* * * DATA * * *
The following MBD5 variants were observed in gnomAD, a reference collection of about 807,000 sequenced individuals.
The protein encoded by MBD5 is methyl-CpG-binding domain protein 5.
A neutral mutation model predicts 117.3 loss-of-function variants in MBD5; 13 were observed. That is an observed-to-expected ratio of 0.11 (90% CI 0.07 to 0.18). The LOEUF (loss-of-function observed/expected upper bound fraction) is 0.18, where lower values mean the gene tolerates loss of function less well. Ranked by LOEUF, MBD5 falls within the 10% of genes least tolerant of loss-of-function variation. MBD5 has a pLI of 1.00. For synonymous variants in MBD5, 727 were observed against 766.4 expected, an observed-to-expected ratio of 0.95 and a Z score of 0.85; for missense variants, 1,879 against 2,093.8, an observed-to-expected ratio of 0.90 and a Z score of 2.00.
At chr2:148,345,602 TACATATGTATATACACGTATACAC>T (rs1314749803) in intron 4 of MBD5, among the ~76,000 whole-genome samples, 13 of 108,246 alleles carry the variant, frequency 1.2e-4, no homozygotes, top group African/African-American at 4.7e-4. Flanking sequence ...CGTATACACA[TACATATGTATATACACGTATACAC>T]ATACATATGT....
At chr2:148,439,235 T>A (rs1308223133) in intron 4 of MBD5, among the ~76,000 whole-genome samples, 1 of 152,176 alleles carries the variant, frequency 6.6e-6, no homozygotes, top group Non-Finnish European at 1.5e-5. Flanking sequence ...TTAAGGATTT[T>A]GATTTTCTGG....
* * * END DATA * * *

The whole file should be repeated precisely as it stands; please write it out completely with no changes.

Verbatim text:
The following MBD5 variants were observed in gnomAD, a reference collection of about 807,000 sequenced individuals.
The protein encoded by MBD5 is methyl-CpG-binding domain protein 5.
A neutral mutation model predicts 117.3 loss-of-function variants in MBD5; 13 were observed. That is an observed-to-expected ratio of 0.11 (90% CI 0.07 to 0.18). The LOEUF (loss-of-function observed/expected upper bound fraction) is 0.18, where lower values mean the gene tolerates loss of function less well. Ranked by LOEUF, MBD5 falls within the 10% of genes least tolerant of loss-of-function variation. MBD5 has a pLI of 1.00. For synonymous variants in MBD5, 727 were observed against 766.4 expected, an observed-to-expected ratio of 0.95 and a Z score of 0.85; for missense variants, 1,879 against 2,093.8, an observed-to-expected ratio of 0.90 and a Z score of 2.00.
At chr2:148,345,602 TACATATGTATATACACGTATACAC>T (rs1314749803) in intron 4 of MBD5, among the ~76,000 whole-genome samples, 13 of 108,246 alleles carry the variant, frequency 1.2e-4, no homozygotes, top group African/African-American at 4.7e-4. Flanking sequence ...CGTATACACA[TACATATGTATATACACGTATACAC>T]ATACATATGT....
At chr2:148,439,235 T>A (rs1308223133) in intron 4 of MBD5, among the ~76,000 whole-genome samples, 1 of 152,176 alleles carries the variant, frequency 6.6e-6, no homozygotes, top group Non-Finnish European at 1.5e-5. Flanking sequence ...TTAAGGATTT[T>A]GATTTTCTGG....